Abbeville Press, publisher of fine art and illustrated books
From: George Segal  Next Image
Woman Shaving Her Leg, 1963. Plaster, metal, porcelain, and Masonite, 63 x 65 x 30 in. Mrs. Robert B. Mayer. On long-term loan to the Museum of Contemporary Art, Chicago.

In Woman Shaving Her Leg pose and space illustrate how Segal developed variations on the theme of the nude model. He uses body language to communicate form and meaning forcefully. Unlike the placement of the model in The Artists Studio, the stance of this woman is less self-conscious because it is integral to the task at hand. Although the gesture of her arms is significant, it is her whole body--the way her back is bent, for example--that carries the weight of the sculpture. Woman Shaving Her Leg, which incorporates a re-creation of the artists own tub-shower, has a frontal viewpoint. A subtle inflection governs this space; it could be simply pictorial, but instead it has an unexpected three-dimensional presence.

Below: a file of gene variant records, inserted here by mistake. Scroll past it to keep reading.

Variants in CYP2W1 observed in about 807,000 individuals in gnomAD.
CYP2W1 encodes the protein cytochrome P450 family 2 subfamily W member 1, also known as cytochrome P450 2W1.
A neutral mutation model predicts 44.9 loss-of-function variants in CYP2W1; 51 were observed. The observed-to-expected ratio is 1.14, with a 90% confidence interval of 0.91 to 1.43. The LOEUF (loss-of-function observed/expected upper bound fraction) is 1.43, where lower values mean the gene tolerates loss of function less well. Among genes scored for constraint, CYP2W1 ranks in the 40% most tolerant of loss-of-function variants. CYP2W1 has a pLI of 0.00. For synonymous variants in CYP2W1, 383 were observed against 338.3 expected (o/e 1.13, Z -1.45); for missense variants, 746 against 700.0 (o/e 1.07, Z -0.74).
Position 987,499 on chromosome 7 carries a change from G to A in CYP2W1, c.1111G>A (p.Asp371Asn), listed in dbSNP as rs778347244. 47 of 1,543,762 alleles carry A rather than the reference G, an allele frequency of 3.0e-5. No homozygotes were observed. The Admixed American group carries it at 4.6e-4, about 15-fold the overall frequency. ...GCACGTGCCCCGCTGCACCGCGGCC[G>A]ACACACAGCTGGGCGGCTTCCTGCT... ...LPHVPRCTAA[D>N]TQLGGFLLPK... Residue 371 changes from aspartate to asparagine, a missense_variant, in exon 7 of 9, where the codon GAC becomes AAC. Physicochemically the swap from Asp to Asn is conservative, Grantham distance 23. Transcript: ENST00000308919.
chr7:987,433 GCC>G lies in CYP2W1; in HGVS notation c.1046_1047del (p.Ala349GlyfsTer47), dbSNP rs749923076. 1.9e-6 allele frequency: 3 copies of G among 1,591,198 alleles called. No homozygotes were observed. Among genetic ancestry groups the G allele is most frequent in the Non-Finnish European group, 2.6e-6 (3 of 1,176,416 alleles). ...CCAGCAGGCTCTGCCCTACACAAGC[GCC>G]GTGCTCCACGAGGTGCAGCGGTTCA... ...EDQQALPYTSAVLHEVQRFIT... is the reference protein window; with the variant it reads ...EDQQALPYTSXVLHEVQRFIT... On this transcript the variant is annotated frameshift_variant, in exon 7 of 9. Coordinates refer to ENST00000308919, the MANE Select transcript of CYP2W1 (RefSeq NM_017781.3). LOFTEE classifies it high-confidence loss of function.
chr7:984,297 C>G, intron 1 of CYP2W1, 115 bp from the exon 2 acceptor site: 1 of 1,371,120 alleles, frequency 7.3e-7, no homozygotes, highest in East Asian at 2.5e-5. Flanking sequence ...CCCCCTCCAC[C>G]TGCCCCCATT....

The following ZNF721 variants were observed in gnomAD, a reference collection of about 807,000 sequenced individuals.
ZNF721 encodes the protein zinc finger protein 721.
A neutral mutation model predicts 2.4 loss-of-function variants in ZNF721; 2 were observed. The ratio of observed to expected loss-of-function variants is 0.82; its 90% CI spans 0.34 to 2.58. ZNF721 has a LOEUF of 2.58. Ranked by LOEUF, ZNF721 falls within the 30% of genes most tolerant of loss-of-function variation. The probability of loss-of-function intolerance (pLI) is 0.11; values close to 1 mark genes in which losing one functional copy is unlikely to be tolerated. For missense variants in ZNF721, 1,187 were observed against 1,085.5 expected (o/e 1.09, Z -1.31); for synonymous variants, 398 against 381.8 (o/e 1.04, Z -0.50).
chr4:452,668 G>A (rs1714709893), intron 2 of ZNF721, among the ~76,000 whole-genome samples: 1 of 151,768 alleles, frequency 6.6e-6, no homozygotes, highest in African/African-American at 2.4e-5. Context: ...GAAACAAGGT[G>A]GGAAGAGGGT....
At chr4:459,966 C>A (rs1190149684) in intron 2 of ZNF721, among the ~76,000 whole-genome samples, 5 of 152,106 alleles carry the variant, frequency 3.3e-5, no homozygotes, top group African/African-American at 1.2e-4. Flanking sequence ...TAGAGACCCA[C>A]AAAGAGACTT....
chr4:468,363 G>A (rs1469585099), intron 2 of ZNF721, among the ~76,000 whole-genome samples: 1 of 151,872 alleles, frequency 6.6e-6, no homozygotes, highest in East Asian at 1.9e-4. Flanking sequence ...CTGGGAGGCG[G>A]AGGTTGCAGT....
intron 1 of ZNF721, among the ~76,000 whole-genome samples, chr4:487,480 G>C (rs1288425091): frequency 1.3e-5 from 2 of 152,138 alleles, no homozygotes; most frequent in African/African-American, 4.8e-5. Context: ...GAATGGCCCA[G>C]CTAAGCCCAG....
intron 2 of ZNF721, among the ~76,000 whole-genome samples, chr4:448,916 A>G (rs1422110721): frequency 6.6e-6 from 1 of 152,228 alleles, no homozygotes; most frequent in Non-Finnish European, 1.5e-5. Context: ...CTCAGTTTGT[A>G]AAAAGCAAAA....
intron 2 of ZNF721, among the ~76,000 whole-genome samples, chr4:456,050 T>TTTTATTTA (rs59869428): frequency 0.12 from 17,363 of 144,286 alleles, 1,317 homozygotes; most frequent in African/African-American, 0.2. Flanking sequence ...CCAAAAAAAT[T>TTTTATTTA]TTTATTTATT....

Woman Shaving Her Leg, 1963. Plaster, metal, porcelain, and Masonite, 63 x 65 x 30 in. Mrs. Robert B. Mayer. On long-term loan to the Museum of Contemporary Art, Chicago.In Woman Shaving Her Leg pose and space illustrate how Segal developed variations on the theme of the nude model. He uses body language to communicate form and meaning forcefully. Unlike the placement of the model in The Artists Studio, the stance of this woman is less self-conscious because it is integral to the task at hand. Although the gesture of her arms is significant, it is her whole body--the way her back is bent, for example--that carries the weight of the sculpture. Woman Shaving Her Leg, which incorporates a re-creation of the artists own tub-shower, has a frontal viewpoint. A subtle inflection governs this space; it could be simply pictorial, but instead it has an unexpected three-dimensional presence.